Today, during a roundtable at the Kaiser Family Foundation, Health Care Czar NancyAnn DeParle remained optimistic that health care reform would include a public health plan option, but suggested that the President would be open to exploring other ways of controlling health care costs:
It could operate by the same rules that all the other plans do. It could have payment rates that are very similar. Or it could have payment rates that are the same as Medicare — that’s one idea that has been used. So there are various ways of looking at it…[Obama] wanted to make sure that he could keep costs low — the public plan is one way of doing that — and he wanted to make sure that there was competition and choice for consumers, and that you have a way of keeping the private plans honest. But as he said, if there are others ways of doing that, he’d be open to talking about it.
DeParle stressed that the public health care plan remains ill-defined and suggested that policy disagreements (like how much a public plan pays providers) could be bridged during negotiations. DeParle echoed Gov. Kathleen Sebelius’ suggestion that the new plan could be modeled on publicly-owned health insurance plans for state employees, but did not address critics who claim that these plans have not successfully controlled health care spending.
Republicans strongly oppose a new public health care plan and some Democrats are already distancing themselves from the option. During an appearance on Fox News Sunday, Sen. Evan Bayh (D-IN) said that he was “agnostic” about having a public plan as part of health care reform and Senate Finance Committee Chairman Max Baucus (D-MT) recently told the Wonk Room that he believes health care reform can be accomplished “without” a public option.
You have to sort of get on the same page of what a pubic plan is when you’re talking about it. It’s been interesting to talk to people who say, “Oh, I don’t like the idea of a public plan” —when you actually start talking to them about what it might look like, you realize you’re talking about two different things. So I’m actually very hopefully that we’ll able to reach an agreement on that.
It could operate by the same rules that all the other plans do. It could have payment rates that are very similar. Or it could have payment rates that are the same as Medicare — that’s one idea that has been used. So there are various ways of looking at it. And if you look at the marketplace right now, there are a number of examples. There are state employee plans out there that some people would regard as public plans. They’re sponsored by the government, but they have lower administrative costs, so they tend to be less expensive, but they’re also operated by private plans.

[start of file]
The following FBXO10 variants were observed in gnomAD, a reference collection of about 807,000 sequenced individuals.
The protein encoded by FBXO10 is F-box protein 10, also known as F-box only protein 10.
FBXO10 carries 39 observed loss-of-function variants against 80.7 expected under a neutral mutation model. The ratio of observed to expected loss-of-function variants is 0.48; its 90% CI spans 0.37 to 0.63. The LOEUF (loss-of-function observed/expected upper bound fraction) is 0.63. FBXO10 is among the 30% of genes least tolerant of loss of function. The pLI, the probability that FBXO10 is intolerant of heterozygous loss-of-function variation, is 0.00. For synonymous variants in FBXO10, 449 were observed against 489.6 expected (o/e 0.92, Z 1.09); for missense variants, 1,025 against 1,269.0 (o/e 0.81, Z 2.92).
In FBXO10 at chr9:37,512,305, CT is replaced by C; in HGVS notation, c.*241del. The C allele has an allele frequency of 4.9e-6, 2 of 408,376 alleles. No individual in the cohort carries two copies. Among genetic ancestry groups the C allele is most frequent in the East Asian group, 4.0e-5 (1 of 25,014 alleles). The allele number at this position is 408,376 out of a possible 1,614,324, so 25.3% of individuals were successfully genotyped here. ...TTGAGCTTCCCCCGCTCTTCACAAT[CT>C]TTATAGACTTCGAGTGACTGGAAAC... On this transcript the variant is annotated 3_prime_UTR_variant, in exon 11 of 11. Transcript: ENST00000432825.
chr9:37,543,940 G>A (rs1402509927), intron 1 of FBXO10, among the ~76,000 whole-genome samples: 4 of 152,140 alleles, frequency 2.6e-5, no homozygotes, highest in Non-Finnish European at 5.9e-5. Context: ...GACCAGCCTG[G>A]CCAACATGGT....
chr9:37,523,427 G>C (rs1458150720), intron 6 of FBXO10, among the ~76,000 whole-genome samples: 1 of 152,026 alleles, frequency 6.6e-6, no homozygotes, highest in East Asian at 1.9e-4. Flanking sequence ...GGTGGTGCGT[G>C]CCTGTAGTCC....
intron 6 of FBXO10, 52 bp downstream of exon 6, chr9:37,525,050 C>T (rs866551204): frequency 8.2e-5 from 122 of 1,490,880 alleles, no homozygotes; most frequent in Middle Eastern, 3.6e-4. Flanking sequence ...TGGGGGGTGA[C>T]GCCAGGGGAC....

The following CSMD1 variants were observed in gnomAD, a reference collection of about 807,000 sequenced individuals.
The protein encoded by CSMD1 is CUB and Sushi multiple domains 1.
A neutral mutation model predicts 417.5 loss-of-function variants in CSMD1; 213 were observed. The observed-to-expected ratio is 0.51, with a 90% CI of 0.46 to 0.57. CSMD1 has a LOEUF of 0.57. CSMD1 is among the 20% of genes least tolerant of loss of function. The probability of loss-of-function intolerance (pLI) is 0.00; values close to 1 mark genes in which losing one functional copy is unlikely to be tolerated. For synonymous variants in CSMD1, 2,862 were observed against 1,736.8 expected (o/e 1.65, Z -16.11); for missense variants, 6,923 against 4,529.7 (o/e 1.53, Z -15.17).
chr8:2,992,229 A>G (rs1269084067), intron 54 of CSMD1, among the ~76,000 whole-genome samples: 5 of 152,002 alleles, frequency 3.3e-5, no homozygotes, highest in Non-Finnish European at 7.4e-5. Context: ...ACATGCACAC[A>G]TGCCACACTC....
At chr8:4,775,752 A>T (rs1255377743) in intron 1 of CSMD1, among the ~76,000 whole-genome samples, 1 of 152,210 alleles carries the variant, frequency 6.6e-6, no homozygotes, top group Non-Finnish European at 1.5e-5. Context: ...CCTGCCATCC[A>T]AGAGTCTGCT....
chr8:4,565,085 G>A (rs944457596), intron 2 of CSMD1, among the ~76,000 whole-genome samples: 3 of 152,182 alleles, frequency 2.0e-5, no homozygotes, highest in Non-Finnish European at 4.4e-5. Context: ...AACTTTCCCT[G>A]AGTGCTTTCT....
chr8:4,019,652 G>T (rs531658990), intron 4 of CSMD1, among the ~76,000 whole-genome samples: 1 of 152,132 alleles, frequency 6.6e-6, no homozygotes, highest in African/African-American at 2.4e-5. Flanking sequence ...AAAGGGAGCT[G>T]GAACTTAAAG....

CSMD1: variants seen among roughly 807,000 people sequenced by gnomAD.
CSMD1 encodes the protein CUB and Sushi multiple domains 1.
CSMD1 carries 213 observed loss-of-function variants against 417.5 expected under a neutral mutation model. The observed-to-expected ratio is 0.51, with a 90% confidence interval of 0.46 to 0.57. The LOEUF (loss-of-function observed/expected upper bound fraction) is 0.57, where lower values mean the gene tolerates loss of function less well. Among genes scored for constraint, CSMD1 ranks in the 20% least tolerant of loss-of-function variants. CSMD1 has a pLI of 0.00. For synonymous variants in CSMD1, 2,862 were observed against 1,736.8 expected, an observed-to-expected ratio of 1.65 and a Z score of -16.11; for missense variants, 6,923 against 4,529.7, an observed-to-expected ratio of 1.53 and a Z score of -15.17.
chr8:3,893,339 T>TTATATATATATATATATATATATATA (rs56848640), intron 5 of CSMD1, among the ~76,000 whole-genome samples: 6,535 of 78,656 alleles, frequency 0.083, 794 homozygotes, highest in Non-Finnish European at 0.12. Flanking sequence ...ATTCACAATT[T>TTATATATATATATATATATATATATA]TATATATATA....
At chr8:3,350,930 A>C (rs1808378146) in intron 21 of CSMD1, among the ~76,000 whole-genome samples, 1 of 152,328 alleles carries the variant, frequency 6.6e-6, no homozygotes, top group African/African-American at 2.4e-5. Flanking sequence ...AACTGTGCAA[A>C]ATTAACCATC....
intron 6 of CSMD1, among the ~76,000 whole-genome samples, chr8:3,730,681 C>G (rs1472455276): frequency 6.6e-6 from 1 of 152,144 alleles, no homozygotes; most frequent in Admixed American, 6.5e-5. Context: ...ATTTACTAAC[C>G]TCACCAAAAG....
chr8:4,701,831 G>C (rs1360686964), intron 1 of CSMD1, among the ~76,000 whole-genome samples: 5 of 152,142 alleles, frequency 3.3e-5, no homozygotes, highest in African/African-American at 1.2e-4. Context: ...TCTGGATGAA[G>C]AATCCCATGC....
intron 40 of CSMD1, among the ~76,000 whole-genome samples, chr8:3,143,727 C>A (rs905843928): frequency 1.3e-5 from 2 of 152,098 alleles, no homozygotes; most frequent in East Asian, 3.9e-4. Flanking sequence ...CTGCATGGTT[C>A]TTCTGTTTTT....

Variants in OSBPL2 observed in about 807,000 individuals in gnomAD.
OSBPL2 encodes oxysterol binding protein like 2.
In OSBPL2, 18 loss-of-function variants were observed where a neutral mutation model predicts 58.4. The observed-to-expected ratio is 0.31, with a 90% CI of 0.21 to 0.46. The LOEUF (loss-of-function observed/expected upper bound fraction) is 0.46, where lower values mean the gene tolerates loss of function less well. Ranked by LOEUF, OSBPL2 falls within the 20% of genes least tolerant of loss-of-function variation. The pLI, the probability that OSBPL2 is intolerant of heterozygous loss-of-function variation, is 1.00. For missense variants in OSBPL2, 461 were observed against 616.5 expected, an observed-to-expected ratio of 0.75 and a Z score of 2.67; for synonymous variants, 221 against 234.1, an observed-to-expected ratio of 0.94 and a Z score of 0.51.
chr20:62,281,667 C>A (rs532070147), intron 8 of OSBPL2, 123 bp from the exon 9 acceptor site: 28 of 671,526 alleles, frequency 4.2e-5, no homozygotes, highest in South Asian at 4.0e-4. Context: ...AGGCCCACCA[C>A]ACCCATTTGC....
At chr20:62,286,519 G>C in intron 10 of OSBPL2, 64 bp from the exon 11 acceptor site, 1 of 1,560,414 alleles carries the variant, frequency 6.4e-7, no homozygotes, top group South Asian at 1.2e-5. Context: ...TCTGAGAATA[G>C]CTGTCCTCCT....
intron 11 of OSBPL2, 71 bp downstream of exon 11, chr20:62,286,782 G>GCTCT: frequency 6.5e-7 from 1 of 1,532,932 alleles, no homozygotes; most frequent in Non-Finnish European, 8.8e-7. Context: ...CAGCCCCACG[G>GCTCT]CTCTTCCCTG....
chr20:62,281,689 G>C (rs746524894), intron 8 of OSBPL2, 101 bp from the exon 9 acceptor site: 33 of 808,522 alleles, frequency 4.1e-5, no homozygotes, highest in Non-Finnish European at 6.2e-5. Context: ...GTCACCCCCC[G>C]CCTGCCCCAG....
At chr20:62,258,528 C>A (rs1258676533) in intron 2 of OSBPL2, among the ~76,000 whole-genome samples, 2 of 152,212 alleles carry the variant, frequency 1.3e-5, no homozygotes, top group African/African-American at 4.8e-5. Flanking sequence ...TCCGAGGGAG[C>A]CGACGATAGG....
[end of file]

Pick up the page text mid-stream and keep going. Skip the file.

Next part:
We sit down and talk to people and they say, “You know, one thing I have a problem with is I don’t think I like this public plan idea.” My response is, “What don’t you like?” One thing that comes back a couple times is, “Well, it’ll be based on Medicare payment rates, and those are too low for providers now.” Or even if they don’t think they are too low, they’re concerned that if more people choose a public plan, there’ll be so many people in it, and if the payment rates are Medicare rates, that it would shift cost to the private sector. So it has to do with how you price the providers if there’s a public plan. Well if that’s an issue, there are various ways of doing that. You don’t have to use Medicare prices, you can use something else.
I think they’re responding to — there’s some analysis out there that just because this is all beginning, they’re making assumptions about what the payment rates would be and making assumptions about how many people would go into a public plan, and depending on which assumptions you use, you can decide, “Gee, I don’t like this.” But these are policy disagreements. Now if it’s a philosophical disagreement of I just don’t want the government offering a plan, that’s’ a diff thing –t hat may be something that’s harder to bridge. But I think if it’s a policy disagreement, there are ways of bridging that gap.
Again, I’d answer this the way the President did, which is he has a couple of goals when he put the public plan in his plan when he was running for president. He wanted to make sure that he could keep costs low — the public plan is one way of doing that — and he wanted to make sure that there was competition and choice for consumers, and that you have a way of keeping the private plans honest. But as he said, if there are others ways of doing that, he’d be open to talking about it.
For much more on the public health option, click here.